In the state’s three largest counties of Miami-Dade, Broward and Palm Beach, 705,000 people have voted, and Democrats have a commanding advantage: 51 percent to 31 percent for Republicans and the rest from independents. South Florida turnout rates are slightly lower than in Tampa Bay counties.
On Monday, Quinnipiac University released a statewide survey of 817 likely voters conducted last week. Crist received 42 percent, Scott 41 percent and Libertarian Adrian Wyllie 7 percent, with 9 percent undecided and a margin of error of 3.4 percentage points.
Scott and Crist are neck-and-neck in another category, as many Florida voters don’t like either one of them. Their unfavorable ratings remained nearly identical in the poll, with Scott at 49 percent and Crist at 50 percent.
At a Republican get-out-the-vote rally at the Columbia Restaurant in Ybor City on Monday, Attorney General Pam Bondi and former Gov. Jeb Bush heaped praise on Gov. Scott and scorn on Crist.
“We have a candidate running for governor that’s a great yapper. His name is, my mother probably wouldn’t want me to say this, his name is Charlie Crist,” Bush said. “All he does is talk. He doesn’t act. He doesn’t lead. He doesn’t believe in anything but his own ambition.”
For either Scott or Crist, and for their millions of supporters, an excruciating defeat awaits — barring such a close tally that it demands an electronic recount.
Scott is seeking to be only the second Republican governor in Florida history to win back-to-back terms, and a victory by Crist would end the Democrats’ 16-year exile in the governor’s office.
Crist brushed aside questions about whether he has chosen the co-leaders of a transition team if he’s reelected to the job he held as a Republican from 2007-2011. Speculation centers on Dan Gelber, a Miami Beach lawyer and former state legislator, and Roberto “Bobby” Martinez, a Coral Gables lawyer who coordinated transitions for Crist in 2006 and former Gov. Jeb Bush in 2002.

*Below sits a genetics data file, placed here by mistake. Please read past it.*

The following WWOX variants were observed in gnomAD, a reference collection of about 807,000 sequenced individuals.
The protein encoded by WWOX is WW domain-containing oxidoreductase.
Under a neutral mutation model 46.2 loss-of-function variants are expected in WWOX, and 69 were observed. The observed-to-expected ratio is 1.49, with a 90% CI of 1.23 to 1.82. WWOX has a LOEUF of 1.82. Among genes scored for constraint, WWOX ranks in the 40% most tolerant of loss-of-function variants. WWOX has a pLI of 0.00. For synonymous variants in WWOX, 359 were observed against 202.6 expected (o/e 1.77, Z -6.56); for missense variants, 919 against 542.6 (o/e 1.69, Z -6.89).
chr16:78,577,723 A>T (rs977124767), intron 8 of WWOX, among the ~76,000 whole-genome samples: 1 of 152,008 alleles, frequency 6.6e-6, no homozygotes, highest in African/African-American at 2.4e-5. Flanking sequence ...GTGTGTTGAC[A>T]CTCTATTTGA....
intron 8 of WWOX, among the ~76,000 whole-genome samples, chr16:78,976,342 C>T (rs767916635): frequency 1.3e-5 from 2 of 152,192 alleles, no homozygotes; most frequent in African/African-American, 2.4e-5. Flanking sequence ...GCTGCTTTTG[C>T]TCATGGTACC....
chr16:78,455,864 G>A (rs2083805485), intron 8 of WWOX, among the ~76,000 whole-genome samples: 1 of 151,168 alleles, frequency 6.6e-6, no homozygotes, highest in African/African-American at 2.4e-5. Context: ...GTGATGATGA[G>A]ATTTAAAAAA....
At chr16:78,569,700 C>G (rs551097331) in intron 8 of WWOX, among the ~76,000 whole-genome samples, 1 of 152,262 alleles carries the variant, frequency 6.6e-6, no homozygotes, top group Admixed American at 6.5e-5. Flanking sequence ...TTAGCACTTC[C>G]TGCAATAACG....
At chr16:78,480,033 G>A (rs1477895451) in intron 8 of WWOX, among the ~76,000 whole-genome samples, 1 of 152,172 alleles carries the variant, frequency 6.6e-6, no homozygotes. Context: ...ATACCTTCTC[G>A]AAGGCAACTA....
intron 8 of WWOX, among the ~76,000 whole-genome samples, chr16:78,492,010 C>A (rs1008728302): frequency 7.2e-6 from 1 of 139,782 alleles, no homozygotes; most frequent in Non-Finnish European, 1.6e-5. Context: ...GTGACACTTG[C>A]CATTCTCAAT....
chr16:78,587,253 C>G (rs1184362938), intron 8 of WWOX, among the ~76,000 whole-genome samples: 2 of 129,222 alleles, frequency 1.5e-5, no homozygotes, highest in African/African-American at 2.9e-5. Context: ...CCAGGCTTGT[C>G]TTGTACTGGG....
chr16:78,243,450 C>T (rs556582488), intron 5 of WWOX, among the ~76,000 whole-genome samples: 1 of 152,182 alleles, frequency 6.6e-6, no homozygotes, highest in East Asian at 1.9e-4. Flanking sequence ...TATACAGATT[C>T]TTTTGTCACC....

“Let’s not put the cart before the horse,” Crist said. “But those are great people.”
So far, the 2014 Florida vote has been largely free of complaints of irregularities or partisan allegations of voter suppression that have marked recent elections.
Voters statewide on Tuesday also will elect all three Cabinet members and decide three proposed amendments to the state Constitution. The ballot questions deal with an expansion of state funding of water and land protection from existing tax revenues, legalization of medical use of marijuana and allowing the next governor to appoint three Supreme Court justices as his term ends in 2019.
Polls throughout the state are open from 7 a.m. to 7 p.m. local time, and counties are required to report their first set of partial returns by 7:30 p.m. Because some counties in the Panhandle are on Central Standard Time, the state will not report any statewide totals until after 8 p.m. Eastern Standard Time.
Scott’s election night party will be at the Hyatt Regency Coconut Point resort in Bonita Springs, not far from his Naples home. Crist’s party is at the Renaissance Vinoy in his hometown of St. Petersburg.